Linga Longa Studios, Skegness

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Thanks to former employee (and relative) Stan Brown, we can shed a little light on this Skegness walking picture firm. Sharpe-Atherton’s Linga Longa Studios were sited at 1 Winthorpe Avenue on the Northern edge of the town. Close by the big caravan and holiday home parks and also the Derbyshire Miner’s Welfare camp, it was often very busy with holiday-makers, and provided plenty of passing custom. The business was begun by Arthur Sharpe who teamed up with Harry Atherton – hence the Sharpe-Atherton studio.

The Sharpe family had a house on Algitha Street near the town centre and the works at the back, on an access road called Prince George Street behind what was Woolworths, which could be accessed from their back garden. The firm did developing and printing here. They had kiosks selling photos at Anchor Lane, Ingoldmells Point, the end of Winthorpe Avenue and Embassy Gardens on Skegness front. Arthur’s wife used to run the Winthorpe kiosk, and also did any hand-tinting of the prints requested by customer (for which they charged an extra shilling). Arthur and Harry also took over the firm of Walfreds when their original owner retired (covered on this site) and Harry became a director there. Arthur’s lad Richard remembers when he was 13 working in one of their darkrooms up at Number 2 Butlins Amusement Park, with Reg Stocks in charge of the work there.

Arthur was Stan Brown’s Uncle, and so Stan was able to get work with them as a teenager in 1969. “We had two deliveries a day of processed pictures to the kiosks, and an early Saturday morning drop (at the kiosk) for Friday night pictures as in those days everyone came in or out on a Saturday.”
Stan mainly worked as a cameraman, using an Olympus Pen EE camera. This camera was launched as a halframe compact, which meant it took a negative half the size of a regular 35mm camera, so you could get 72 frames rather than the usual 36. Obviously the quality wasn’t as good, but Olympus figured that for most people wanting just ordinary prints it would be fine (just as manufacturers today have correctly surmised most people are happy with pictures off their mobile phone rather than a dedicated camera!). The Olympus was ideal for the Walking Pictures trade (and was widely used by Wrates in Skegness as well), though the resultant walkies are not technically as good as those taken before the War. Firms got round this by supplying smaller prints.
Stan used to cover the kiosks at the Miner’s Camp, Winthorpe Avenue and Ingoldmells, as well as at the Tower Gardens on the sea front. He was just 19 at the time and remembers the job as much for meeting plenty of girls as anything!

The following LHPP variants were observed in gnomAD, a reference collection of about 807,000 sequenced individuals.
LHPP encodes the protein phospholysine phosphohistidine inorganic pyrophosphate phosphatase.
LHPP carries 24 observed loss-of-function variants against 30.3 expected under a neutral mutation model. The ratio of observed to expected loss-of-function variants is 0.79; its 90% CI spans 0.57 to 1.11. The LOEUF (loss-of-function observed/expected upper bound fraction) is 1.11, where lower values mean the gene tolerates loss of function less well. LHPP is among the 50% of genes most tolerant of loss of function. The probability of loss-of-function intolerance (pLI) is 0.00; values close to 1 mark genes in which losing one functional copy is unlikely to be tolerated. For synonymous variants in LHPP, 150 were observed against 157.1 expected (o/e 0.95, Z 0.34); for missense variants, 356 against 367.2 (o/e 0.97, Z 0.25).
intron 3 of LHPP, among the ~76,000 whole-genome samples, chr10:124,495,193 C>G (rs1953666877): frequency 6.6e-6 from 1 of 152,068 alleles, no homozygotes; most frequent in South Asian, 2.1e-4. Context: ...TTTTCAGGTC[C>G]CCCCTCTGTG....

Sharpe Atherton walkies were half the size of postcard prints and apart from their original paper wallet, have no identification on them. The firm went into colour walkies as early as 1969. Stan recalls that the colour films were originally processed and printed by hand at the works in town. Arthur then took delivery of the first Kodak automated colour printing machine in the U.K., which suggests that the business was doing quite well (rivals Wrates were selling colour walkies by 1967.) With this machine Sharpe Atherton could now offer Print & Developing services for holiday-makers as well as chemists shops in the area. “I also remember my mother worked (at Walfreds)(?) and did the hand colouring of black and white prints in the ’50s.”
Arthur’s grandson Darren Sharpe says he was told the firm also invested in equipment to print photographs onto ceramic plates for souvenirs. He recalls props including a Shetland Pony and a monkey, plus Wombles suits and giant Chewing Gum packets (which I have also seen used at other walkie firms.)
I only have one Sharpe Atherton walkie which dates from the early 1970s (at the top of the page), but it would be interesting to hear from anyone with other examples.
Arthur began to spend more time in (and later moved to) Canada to be near his sons who had emigrated there. Member of Harry’s family still live in Skegness.
The Linga Longa name lives on, and the building is now a fish and chip restaurant of that name (established over 40 years according to one visitor), suggesting perhaps some family involvement at one time.

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My thanks to Stan (who also later moved to Canada) for his help, and to Darren, and also to Richard Sharpe. The walkie below was taken by the firm and shows his other Grandparents.


You can find out more about Walfred’s on the site. Wrates, the town’s best known photographers and walkie firm, still have a works on Price George Street. Their history is covered on this site.